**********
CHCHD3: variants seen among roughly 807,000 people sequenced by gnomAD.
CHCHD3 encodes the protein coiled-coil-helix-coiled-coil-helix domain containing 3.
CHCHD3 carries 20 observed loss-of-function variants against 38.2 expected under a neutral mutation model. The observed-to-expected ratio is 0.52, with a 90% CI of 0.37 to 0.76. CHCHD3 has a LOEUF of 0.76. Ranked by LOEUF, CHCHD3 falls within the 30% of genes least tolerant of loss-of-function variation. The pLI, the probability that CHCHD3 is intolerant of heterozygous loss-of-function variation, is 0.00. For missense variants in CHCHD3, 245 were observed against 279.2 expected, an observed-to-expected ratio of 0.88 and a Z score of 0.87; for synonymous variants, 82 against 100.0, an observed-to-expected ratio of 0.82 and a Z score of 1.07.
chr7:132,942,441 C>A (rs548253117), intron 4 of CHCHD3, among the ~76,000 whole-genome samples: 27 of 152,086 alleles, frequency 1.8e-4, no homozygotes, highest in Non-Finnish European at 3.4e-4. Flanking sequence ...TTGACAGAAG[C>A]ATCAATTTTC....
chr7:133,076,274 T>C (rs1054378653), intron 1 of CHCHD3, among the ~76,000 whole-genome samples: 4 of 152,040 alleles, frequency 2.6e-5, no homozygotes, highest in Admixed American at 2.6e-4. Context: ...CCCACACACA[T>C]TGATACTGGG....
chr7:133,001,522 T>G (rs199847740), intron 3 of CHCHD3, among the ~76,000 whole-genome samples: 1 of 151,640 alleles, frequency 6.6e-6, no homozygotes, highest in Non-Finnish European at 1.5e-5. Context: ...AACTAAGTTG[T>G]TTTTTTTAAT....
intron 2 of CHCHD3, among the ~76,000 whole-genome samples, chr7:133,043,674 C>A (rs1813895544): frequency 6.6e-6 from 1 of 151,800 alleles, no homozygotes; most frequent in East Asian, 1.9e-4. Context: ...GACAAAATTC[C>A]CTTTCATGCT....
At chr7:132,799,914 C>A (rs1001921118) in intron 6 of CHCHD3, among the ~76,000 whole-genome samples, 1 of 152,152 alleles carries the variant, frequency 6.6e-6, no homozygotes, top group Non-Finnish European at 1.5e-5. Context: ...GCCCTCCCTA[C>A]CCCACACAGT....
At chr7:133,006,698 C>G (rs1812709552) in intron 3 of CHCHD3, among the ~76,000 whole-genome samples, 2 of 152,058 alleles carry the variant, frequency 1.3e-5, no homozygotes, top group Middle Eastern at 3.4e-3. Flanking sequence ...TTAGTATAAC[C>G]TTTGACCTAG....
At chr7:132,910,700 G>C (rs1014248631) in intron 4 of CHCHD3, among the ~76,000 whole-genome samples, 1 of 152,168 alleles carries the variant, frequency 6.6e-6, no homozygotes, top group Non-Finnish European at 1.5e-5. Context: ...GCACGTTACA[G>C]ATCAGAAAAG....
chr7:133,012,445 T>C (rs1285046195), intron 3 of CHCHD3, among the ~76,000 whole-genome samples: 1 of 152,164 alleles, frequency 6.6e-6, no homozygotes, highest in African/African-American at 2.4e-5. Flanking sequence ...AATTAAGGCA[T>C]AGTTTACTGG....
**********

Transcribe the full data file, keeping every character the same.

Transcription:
CHCHD3: variants seen among roughly 807,000 people sequenced by gnomAD.
CHCHD3 encodes the protein coiled-coil-helix-coiled-coil-helix domain containing 3.
CHCHD3 carries 20 observed loss-of-function variants against 38.2 expected under a neutral mutation model. The observed-to-expected ratio is 0.52, with a 90% CI of 0.37 to 0.76. CHCHD3 has a LOEUF of 0.76. Ranked by LOEUF, CHCHD3 falls within the 30% of genes least tolerant of loss-of-function variation. The pLI, the probability that CHCHD3 is intolerant of heterozygous loss-of-function variation, is 0.00. For missense variants in CHCHD3, 245 were observed against 279.2 expected, an observed-to-expected ratio of 0.88 and a Z score of 0.87; for synonymous variants, 82 against 100.0, an observed-to-expected ratio of 0.82 and a Z score of 1.07.
chr7:132,942,441 C>A (rs548253117), intron 4 of CHCHD3, among the ~76,000 whole-genome samples: 27 of 152,086 alleles, frequency 1.8e-4, no homozygotes, highest in Non-Finnish European at 3.4e-4. Flanking sequence ...TTGACAGAAG[C>A]ATCAATTTTC....
chr7:133,076,274 T>C (rs1054378653), intron 1 of CHCHD3, among the ~76,000 whole-genome samples: 4 of 152,040 alleles, frequency 2.6e-5, no homozygotes, highest in Admixed American at 2.6e-4. Context: ...CCCACACACA[T>C]TGATACTGGG....
chr7:133,001,522 T>G (rs199847740), intron 3 of CHCHD3, among the ~76,000 whole-genome samples: 1 of 151,640 alleles, frequency 6.6e-6, no homozygotes, highest in Non-Finnish European at 1.5e-5. Context: ...AACTAAGTTG[T>G]TTTTTTTAAT....
intron 2 of CHCHD3, among the ~76,000 whole-genome samples, chr7:133,043,674 C>A (rs1813895544): frequency 6.6e-6 from 1 of 151,800 alleles, no homozygotes; most frequent in East Asian, 1.9e-4. Context: ...GACAAAATTC[C>A]CTTTCATGCT....
At chr7:132,799,914 C>A (rs1001921118) in intron 6 of CHCHD3, among the ~76,000 whole-genome samples, 1 of 152,152 alleles carries the variant, frequency 6.6e-6, no homozygotes, top group Non-Finnish European at 1.5e-5. Context: ...GCCCTCCCTA[C>A]CCCACACAGT....
At chr7:133,006,698 C>G (rs1812709552) in intron 3 of CHCHD3, among the ~76,000 whole-genome samples, 2 of 152,058 alleles carry the variant, frequency 1.3e-5, no homozygotes, top group Middle Eastern at 3.4e-3. Flanking sequence ...TTAGTATAAC[C>G]TTTGACCTAG....
At chr7:132,910,700 G>C (rs1014248631) in intron 4 of CHCHD3, among the ~76,000 whole-genome samples, 1 of 152,168 alleles carries the variant, frequency 6.6e-6, no homozygotes, top group Non-Finnish European at 1.5e-5. Context: ...GCACGTTACA[G>C]ATCAGAAAAG....
chr7:133,012,445 T>C (rs1285046195), intron 3 of CHCHD3, among the ~76,000 whole-genome samples: 1 of 152,164 alleles, frequency 6.6e-6, no homozygotes, highest in African/African-American at 2.4e-5. Flanking sequence ...AATTAAGGCA[T>C]AGTTTACTGG....